Major U.S. oil and gas producers have cut the volume of natural gas flared from oil and gas wells by 50% in a year as measured by energy intensity, according to a partnership organized by the industry's largest trade group, the American Petroleum Institute.
The Environmental Partnership, comprised of U.S. oil and gas companies, said the amount of gas flared dropped to 0.66% of oil and gas production in 2020, compared to 1.31% of 2019's total production reported by the 34 companies that contributed to the report.
The report was released as Democrats in Congress consider adding a fee for methane emissions to their $3.5 trillion budget package and the Biden administration ponders direct regulation aimed at cutting emissions of the potent greenhouse gas.
API favors direct regulation over any methane fee, the group's President and CEO Mike Sommers said during a Sept. 9 press conference to release the Environmental Partnership annual report. "We don't believe that it's an efficient or an effective way to reduce emissions," Sommers said, referring to the proposed fee. "The current methane fee proposal, that we've seen, actually just attacks American energy production; it is not a tax on emissions."
"Collectively, the companies diverted 171 Bcf of gas from being flared, effectively mitigating 9.4 million metric tons of emissions on the carbon dioxide equivalent basis," partnership Director Matthew Todd said. Todd is also a senior policy adviser for API.
While the partnership said the volume of gas flared dropped 50%, it did not provide any data on the total volumes of gas flared in 2019 and 2020, only intensity. In general, the volume of gas flared was reduced over the year while the total production of the reporting companies was roughly the same, for a less intense mix, the partnership said.
Midstream companies and programs added to the industry's emission reductions in 2020, Todd said. Pipeline operators reduced methane emission by changing the rod packings on more than 2,000 compressor stations and using new low-emission procedures for more than 400 pipeline blowdowns, Todd said. More than 970 high-bleed pneumatic controllers were replaced or removed by upstream and midstream operators in 2020, the partnership said. 54 operators suspended the use of the high-bleed devices which emit methane directly to the atmosphere. Additionally, more than 9,200 gas-driven controllers were removed in 2020 and more than 2,700 zero-emission controllers were installed, the partnership said.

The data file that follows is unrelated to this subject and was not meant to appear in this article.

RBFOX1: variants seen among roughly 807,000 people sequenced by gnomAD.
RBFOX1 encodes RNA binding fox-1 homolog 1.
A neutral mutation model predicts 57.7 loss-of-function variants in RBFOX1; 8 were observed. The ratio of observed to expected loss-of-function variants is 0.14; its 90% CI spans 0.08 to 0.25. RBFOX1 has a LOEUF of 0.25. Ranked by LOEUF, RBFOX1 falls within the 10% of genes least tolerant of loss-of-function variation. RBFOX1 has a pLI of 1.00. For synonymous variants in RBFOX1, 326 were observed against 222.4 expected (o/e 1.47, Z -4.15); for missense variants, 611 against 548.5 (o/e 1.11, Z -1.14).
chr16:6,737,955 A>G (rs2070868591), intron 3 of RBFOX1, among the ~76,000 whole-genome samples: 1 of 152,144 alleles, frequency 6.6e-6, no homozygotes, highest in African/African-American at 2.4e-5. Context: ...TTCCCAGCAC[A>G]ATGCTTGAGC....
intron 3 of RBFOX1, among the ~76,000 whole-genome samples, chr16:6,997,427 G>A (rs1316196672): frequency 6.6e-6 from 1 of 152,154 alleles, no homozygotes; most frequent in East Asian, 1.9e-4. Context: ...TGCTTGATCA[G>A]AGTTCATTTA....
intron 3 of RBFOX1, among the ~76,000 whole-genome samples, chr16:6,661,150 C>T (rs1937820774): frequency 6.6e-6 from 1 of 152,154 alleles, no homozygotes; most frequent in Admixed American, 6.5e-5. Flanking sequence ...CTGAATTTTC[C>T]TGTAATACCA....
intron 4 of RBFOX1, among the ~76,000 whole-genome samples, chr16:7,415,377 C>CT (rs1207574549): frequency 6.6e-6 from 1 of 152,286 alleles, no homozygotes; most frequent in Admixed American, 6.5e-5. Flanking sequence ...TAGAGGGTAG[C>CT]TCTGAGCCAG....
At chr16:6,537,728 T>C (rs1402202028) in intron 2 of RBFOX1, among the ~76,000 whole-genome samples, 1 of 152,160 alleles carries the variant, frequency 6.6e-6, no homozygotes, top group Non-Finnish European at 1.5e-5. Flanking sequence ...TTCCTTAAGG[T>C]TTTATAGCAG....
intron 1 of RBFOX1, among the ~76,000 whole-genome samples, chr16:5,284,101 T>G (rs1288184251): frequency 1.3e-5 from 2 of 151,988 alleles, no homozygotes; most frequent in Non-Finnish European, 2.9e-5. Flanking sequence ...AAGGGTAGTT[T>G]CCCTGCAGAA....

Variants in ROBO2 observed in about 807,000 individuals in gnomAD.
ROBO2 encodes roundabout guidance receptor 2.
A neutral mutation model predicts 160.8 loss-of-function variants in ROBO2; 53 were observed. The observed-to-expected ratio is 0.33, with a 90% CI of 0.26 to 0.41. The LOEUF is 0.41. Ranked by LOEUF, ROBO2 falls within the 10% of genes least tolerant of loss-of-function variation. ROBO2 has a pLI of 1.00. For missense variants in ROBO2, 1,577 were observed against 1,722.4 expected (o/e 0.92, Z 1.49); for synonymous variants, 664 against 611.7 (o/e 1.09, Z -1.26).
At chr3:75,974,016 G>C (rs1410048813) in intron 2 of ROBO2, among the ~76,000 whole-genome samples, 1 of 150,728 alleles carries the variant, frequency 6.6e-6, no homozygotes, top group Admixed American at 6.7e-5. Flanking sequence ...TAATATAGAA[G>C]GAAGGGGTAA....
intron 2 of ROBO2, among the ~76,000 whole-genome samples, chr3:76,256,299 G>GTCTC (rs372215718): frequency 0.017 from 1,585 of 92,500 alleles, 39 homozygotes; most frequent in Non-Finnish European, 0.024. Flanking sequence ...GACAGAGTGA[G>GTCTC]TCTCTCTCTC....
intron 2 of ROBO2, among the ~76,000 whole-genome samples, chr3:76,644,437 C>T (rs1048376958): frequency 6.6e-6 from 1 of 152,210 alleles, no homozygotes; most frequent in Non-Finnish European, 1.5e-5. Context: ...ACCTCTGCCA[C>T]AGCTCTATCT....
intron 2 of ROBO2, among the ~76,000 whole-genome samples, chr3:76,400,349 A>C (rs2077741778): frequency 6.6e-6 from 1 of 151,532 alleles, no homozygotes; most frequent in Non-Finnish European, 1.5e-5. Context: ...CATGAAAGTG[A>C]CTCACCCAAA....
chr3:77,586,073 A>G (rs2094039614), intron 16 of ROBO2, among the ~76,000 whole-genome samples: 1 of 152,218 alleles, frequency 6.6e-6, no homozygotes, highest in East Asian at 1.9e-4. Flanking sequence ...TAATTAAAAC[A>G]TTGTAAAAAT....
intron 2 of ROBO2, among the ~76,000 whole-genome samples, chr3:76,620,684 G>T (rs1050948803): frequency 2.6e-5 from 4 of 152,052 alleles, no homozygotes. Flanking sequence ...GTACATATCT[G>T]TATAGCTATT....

The COVID-19 pandemic did not prevent member companies from sharing best practices or researching new methods of emission detection from air and space, said Chevron Corp.'s Vanessa Ryan, the company's manager for carbon and climate change policy and the partnership's chair.
"We continued our commitment to advancing approved methods detection technologies by funding operations and research at Colorado State University's methane emissions testing Evaluation Center," Ryan said. "One approach that is rapidly advancing is aerial surveillance. Our collaboration with a team from the University of Arizona and NASA's Jet Propulsion Laboratory ... provided participating companies access to emissions detected during our aerial surveys to further our understanding of common initial forces."